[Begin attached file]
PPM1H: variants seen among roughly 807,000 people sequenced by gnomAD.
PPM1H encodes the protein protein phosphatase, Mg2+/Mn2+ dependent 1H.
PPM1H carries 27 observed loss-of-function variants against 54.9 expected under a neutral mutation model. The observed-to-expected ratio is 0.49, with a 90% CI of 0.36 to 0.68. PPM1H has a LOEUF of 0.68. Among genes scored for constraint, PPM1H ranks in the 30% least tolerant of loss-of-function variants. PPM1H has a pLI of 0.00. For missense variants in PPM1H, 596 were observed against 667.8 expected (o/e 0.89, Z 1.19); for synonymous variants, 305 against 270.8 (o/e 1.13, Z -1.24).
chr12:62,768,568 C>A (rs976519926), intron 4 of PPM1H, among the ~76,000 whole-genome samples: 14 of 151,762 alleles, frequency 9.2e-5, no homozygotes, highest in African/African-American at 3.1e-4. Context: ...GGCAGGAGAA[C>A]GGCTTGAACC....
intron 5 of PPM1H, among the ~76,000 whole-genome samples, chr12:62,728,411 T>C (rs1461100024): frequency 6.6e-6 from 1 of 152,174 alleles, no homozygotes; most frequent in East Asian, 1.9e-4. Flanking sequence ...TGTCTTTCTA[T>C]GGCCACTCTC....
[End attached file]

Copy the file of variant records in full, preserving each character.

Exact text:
PPM1H: variants seen among roughly 807,000 people sequenced by gnomAD.
PPM1H encodes the protein protein phosphatase, Mg2+/Mn2+ dependent 1H.
PPM1H carries 27 observed loss-of-function variants against 54.9 expected under a neutral mutation model. The observed-to-expected ratio is 0.49, with a 90% CI of 0.36 to 0.68. PPM1H has a LOEUF of 0.68. Among genes scored for constraint, PPM1H ranks in the 30% least tolerant of loss-of-function variants. PPM1H has a pLI of 0.00. For missense variants in PPM1H, 596 were observed against 667.8 expected (o/e 0.89, Z 1.19); for synonymous variants, 305 against 270.8 (o/e 1.13, Z -1.24).
chr12:62,768,568 C>A (rs976519926), intron 4 of PPM1H, among the ~76,000 whole-genome samples: 14 of 151,762 alleles, frequency 9.2e-5, no homozygotes, highest in African/African-American at 3.1e-4. Context: ...GGCAGGAGAA[C>A]GGCTTGAACC....
intron 5 of PPM1H, among the ~76,000 whole-genome samples, chr12:62,728,411 T>C (rs1461100024): frequency 6.6e-6 from 1 of 152,174 alleles, no homozygotes; most frequent in East Asian, 1.9e-4. Flanking sequence ...TGTCTTTCTA[T>C]GGCCACTCTC....